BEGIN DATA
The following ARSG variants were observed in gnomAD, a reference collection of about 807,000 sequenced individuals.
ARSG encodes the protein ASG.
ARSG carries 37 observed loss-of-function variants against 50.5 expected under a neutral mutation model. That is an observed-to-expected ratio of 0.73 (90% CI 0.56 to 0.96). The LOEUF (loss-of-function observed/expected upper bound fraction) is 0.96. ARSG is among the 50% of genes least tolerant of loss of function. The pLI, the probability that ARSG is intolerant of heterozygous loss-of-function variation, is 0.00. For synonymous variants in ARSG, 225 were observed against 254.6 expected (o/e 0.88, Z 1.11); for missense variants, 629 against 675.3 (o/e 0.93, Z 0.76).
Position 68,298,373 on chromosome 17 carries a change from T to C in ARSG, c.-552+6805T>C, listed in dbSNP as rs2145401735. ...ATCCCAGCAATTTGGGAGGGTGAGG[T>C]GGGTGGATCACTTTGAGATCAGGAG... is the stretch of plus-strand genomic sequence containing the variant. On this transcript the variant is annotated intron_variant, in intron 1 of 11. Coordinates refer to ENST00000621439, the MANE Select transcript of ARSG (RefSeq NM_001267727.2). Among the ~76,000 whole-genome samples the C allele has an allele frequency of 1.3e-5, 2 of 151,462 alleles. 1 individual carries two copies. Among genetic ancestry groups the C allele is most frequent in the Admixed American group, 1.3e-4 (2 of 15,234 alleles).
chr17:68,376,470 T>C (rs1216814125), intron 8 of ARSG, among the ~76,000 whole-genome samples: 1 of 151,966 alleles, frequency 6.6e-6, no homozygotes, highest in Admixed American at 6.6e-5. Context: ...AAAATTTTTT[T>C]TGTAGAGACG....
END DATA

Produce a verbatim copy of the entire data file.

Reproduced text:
The following ARSG variants were observed in gnomAD, a reference collection of about 807,000 sequenced individuals.
ARSG encodes the protein ASG.
ARSG carries 37 observed loss-of-function variants against 50.5 expected under a neutral mutation model. That is an observed-to-expected ratio of 0.73 (90% CI 0.56 to 0.96). The LOEUF (loss-of-function observed/expected upper bound fraction) is 0.96. ARSG is among the 50% of genes least tolerant of loss of function. The pLI, the probability that ARSG is intolerant of heterozygous loss-of-function variation, is 0.00. For synonymous variants in ARSG, 225 were observed against 254.6 expected (o/e 0.88, Z 1.11); for missense variants, 629 against 675.3 (o/e 0.93, Z 0.76).
Position 68,298,373 on chromosome 17 carries a change from T to C in ARSG, c.-552+6805T>C, listed in dbSNP as rs2145401735. ...ATCCCAGCAATTTGGGAGGGTGAGG[T>C]GGGTGGATCACTTTGAGATCAGGAG... is the stretch of plus-strand genomic sequence containing the variant. On this transcript the variant is annotated intron_variant, in intron 1 of 11. Coordinates refer to ENST00000621439, the MANE Select transcript of ARSG (RefSeq NM_001267727.2). Among the ~76,000 whole-genome samples the C allele has an allele frequency of 1.3e-5, 2 of 151,462 alleles. 1 individual carries two copies. Among genetic ancestry groups the C allele is most frequent in the Admixed American group, 1.3e-4 (2 of 15,234 alleles).
chr17:68,376,470 T>C (rs1216814125), intron 8 of ARSG, among the ~76,000 whole-genome samples: 1 of 151,966 alleles, frequency 6.6e-6, no homozygotes, highest in Admixed American at 6.6e-5. Context: ...AAAATTTTTT[T>C]TGTAGAGACG....